Person detained on March 15 during the rally against Decree No3 grossly violated the law on mass events and resisted the police, said the Interior Ministry March 16.
Law enforcement officers acted strictly within the law, and the law is fairly loyal to such violations. European and US experience shows that one can get a year's jail term if a person's face is covered during a protest.
Minsk. This is a mass rally authorized and permitted by the authorities. People call it the march for the abolition of decree No3. Despite the fact that the decree is officially suspended, organizers gathered some people near the Academy of Sciences.
Again, this was a permitted protest.
Those unhappy with the decree did what they wanted: gave interviews, shouted slogans and carried the coffin and flags of all colors. Police did not interfere with the rally even despite the fact that those opinions went far beyond the initial topic of the event.
Participant of the march:
We are anarchists, we are capable of much. The most important thing now is not to go back and continue to fight for the abolition of this tax.
One could fight but... why? Fight against something that does not exist now? The question is: why does a person allegedly having problems with finding a job and willing to resolve his difficult situation at a mass rally covers his face not to be recognized? But let's brush aside the sentimental talk.
Covered faces at a mass event is a direct violation of Belarusian laws.
And the anarchists - who are constantly seen at such protests - could hardly forget about it. The police politely reminds them about it.
It should be noted that Article 11 of the Belarusian "Law on Mass Events" is not something new to the world. On the contrary, it is a very lightweight version in comparison with international experience. Masks at demonstrations are forbidden in the United States, Canada, and Austria. In Germany, you can get a one-year jail term for covering your face during mass events, while the same violation in Spain is punishable by a fine of 30,000 euros.
In Belarus, the maximum fine is about $350 or at most a jail term of 15 days.
Georgy Yevchar, spokesman for the Ministry of Internal Affairs of the Republic of Belarus:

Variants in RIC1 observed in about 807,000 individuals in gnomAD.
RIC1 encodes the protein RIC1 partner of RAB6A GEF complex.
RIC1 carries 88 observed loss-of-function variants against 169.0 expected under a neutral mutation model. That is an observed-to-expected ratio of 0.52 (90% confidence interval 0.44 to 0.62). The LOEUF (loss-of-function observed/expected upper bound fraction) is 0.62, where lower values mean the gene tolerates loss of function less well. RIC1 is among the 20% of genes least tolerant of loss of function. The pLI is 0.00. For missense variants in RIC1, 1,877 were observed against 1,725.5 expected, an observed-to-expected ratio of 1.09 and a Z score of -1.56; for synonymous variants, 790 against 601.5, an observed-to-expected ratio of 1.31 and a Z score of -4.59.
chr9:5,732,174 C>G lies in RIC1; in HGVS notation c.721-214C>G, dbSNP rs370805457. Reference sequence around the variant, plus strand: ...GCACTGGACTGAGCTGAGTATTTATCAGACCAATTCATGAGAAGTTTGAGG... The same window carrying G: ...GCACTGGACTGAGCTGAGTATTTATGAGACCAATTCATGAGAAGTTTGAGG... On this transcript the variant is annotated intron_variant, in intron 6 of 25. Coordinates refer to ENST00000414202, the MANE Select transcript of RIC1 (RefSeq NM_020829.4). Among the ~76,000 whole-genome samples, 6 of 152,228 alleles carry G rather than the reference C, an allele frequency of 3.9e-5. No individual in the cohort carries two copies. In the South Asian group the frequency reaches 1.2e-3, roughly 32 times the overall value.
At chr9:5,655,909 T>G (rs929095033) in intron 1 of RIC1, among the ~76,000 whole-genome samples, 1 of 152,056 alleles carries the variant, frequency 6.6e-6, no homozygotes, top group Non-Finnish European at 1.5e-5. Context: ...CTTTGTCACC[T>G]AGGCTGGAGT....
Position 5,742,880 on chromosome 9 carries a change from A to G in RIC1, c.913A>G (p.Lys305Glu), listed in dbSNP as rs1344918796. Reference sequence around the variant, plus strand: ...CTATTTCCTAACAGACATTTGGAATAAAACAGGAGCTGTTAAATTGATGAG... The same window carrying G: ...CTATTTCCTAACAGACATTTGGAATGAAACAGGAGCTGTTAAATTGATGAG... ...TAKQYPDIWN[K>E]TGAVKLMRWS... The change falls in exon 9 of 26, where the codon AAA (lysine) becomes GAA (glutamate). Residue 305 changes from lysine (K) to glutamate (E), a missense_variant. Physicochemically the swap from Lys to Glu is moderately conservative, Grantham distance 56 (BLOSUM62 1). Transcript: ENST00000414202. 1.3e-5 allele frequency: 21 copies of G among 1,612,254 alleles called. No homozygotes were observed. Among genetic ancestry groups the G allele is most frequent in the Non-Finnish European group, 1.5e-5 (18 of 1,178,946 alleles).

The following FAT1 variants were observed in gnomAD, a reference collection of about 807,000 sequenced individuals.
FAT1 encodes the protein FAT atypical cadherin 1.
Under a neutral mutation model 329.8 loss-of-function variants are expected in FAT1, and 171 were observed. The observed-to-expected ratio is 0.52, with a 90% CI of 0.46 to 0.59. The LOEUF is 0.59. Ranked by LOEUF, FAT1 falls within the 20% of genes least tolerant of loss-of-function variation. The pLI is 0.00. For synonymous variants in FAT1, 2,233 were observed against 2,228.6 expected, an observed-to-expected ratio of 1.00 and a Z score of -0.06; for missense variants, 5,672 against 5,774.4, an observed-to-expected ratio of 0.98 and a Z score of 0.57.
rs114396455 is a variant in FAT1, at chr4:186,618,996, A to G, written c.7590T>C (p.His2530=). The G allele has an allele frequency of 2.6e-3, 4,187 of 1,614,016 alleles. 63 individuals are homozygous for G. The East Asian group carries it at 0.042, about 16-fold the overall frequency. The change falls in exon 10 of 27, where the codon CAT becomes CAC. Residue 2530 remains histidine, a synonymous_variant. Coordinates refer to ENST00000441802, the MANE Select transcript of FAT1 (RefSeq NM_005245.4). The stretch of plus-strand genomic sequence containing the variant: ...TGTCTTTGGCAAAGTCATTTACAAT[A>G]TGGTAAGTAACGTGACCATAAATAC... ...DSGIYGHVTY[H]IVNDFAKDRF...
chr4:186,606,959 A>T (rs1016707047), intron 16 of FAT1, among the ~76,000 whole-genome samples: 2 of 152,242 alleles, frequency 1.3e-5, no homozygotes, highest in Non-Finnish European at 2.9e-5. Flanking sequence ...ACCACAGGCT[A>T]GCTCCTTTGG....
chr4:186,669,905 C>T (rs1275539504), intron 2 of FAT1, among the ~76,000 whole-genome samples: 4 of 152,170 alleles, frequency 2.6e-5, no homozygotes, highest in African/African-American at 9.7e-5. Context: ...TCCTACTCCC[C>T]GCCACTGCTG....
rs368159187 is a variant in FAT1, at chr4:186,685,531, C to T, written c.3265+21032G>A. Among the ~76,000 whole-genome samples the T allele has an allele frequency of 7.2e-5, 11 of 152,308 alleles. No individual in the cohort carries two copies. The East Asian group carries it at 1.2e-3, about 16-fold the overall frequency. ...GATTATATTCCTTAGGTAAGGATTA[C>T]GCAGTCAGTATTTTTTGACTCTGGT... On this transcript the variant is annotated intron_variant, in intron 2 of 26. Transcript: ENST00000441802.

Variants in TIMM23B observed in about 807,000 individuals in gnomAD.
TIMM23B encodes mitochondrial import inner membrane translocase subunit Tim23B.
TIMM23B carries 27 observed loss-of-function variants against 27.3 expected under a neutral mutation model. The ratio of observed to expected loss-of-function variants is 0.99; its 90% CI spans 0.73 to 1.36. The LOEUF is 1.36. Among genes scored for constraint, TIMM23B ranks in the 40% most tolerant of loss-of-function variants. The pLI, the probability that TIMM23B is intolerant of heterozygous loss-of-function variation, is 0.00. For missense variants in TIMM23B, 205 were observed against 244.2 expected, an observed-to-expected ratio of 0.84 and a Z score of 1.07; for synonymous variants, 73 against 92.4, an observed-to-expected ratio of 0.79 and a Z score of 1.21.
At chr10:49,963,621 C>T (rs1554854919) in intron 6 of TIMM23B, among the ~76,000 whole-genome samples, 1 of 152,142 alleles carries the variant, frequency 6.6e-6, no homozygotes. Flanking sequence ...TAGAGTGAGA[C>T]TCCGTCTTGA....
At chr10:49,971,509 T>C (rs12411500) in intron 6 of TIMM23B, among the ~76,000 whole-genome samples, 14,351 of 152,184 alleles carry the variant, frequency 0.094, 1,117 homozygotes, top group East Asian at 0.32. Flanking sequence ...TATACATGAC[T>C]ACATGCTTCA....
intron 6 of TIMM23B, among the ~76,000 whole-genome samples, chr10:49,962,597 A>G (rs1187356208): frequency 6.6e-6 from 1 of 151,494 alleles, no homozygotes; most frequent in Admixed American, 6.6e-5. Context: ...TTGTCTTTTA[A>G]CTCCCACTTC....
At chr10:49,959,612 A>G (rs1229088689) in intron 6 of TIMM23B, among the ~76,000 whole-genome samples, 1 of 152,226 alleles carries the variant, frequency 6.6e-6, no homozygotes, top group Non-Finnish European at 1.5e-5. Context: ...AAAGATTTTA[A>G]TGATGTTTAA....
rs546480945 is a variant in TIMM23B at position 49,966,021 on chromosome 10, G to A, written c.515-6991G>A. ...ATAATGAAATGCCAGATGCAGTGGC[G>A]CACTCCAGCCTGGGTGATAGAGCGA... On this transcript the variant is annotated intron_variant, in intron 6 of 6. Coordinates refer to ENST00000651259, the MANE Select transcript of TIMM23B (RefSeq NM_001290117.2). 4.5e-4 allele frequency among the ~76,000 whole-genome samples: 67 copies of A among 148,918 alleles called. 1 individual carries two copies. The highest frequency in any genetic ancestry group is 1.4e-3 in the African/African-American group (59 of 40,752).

During the protest rally, some individuals grossly violated the law on mass events, which prohibits hiding faces behind masks. Police officers warned them of misconduct, but the legitimate demands of law enforcement officers were ignored by these citizens and they continued participation in the event wearing masks.
To identify these persons and check their possible involvement in other offenses, it was decided to detain them.
The detention was carried out in public transport, as there was a likelihood that offenders could hide.
The detention in the trolleybus was quite brutal but still legal. By the way, a police officer was injured during the detention. Now he is in hospital.
But back to the protest itself and its occasion. There were some really unemployed people at this protest. And those who really need help did not miss the chance to address the authorities with their problem. Grodno City Executive Committee Chairman went to protesters and immediately outlined solutions for five people.
MP Igor Marzalyuk came to talk with protesters in Mogilev. But when he asked who exactly needed help almost all the participants remained silent.
March 15 protests against Decree No3 gathered about 400 people in Grodno, 300 in Mogilev, and about 1,500 in Minsk.
This number includes onlookers, journalists and people in masks. They shouted loudly and spoke much. But the decree has been suspended, so is this all worth it? It has been said at all levels that the document would be amended. Is this a protest for the sake of protest? At least there was a reason for these people to wave a red-and-black flag... Almost like during Ukraine's Maidan.